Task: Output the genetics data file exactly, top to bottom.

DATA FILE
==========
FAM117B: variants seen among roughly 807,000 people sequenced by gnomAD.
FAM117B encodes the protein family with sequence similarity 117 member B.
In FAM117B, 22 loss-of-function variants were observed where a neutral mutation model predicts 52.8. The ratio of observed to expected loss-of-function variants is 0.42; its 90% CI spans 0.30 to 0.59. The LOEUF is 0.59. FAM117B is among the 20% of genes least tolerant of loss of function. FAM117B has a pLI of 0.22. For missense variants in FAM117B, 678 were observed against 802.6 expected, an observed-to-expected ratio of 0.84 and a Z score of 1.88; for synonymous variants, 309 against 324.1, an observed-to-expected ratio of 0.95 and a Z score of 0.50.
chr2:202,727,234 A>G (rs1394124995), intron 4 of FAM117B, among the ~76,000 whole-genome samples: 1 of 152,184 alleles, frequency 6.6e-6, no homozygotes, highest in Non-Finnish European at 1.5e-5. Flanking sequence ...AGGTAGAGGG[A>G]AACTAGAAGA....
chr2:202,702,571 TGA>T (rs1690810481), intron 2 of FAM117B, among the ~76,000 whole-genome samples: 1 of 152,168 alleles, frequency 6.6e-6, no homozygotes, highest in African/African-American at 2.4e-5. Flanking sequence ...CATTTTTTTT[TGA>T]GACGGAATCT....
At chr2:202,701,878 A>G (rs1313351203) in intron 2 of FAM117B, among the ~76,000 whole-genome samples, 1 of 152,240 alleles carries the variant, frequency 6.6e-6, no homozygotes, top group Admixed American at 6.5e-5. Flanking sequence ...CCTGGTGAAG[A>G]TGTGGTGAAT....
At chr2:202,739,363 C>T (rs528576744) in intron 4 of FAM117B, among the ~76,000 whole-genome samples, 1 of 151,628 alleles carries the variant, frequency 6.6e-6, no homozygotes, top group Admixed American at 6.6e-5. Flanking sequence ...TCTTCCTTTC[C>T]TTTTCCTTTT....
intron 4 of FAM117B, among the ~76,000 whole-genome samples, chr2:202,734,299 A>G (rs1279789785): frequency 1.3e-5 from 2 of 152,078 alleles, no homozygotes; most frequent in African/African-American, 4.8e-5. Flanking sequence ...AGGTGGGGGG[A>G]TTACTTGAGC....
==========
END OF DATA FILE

FAM117B: variants seen among roughly 807,000 people sequenced by gnomAD.
FAM117B encodes the protein family with sequence similarity 117 member B.
In FAM117B, 22 loss-of-function variants were observed where a neutral mutation model predicts 52.8. The ratio of observed to expected loss-of-function variants is 0.42; its 90% CI spans 0.30 to 0.59. The LOEUF is 0.59. FAM117B is among the 20% of genes least tolerant of loss of function. FAM117B has a pLI of 0.22. For missense variants in FAM117B, 678 were observed against 802.6 expected, an observed-to-expected ratio of 0.84 and a Z score of 1.88; for synonymous variants, 309 against 324.1, an observed-to-expected ratio of 0.95 and a Z score of 0.50.
chr2:202,727,234 A>G (rs1394124995), intron 4 of FAM117B, among the ~76,000 whole-genome samples: 1 of 152,184 alleles, frequency 6.6e-6, no homozygotes, highest in Non-Finnish European at 1.5e-5. Flanking sequence ...AGGTAGAGGG[A>G]AACTAGAAGA....
chr2:202,702,571 TGA>T (rs1690810481), intron 2 of FAM117B, among the ~76,000 whole-genome samples: 1 of 152,168 alleles, frequency 6.6e-6, no homozygotes, highest in African/African-American at 2.4e-5. Flanking sequence ...CATTTTTTTT[TGA>T]GACGGAATCT....
At chr2:202,701,878 A>G (rs1313351203) in intron 2 of FAM117B, among the ~76,000 whole-genome samples, 1 of 152,240 alleles carries the variant, frequency 6.6e-6, no homozygotes, top group Admixed American at 6.5e-5. Flanking sequence ...CCTGGTGAAG[A>G]TGTGGTGAAT....
At chr2:202,739,363 C>T (rs528576744) in intron 4 of FAM117B, among the ~76,000 whole-genome samples, 1 of 151,628 alleles carries the variant, frequency 6.6e-6, no homozygotes, top group Admixed American at 6.6e-5. Flanking sequence ...TCTTCCTTTC[C>T]TTTTCCTTTT....
intron 4 of FAM117B, among the ~76,000 whole-genome samples, chr2:202,734,299 A>G (rs1279789785): frequency 1.3e-5 from 2 of 152,078 alleles, no homozygotes; most frequent in African/African-American, 4.8e-5. Flanking sequence ...AGGTGGGGGG[A>G]TTACTTGAGC....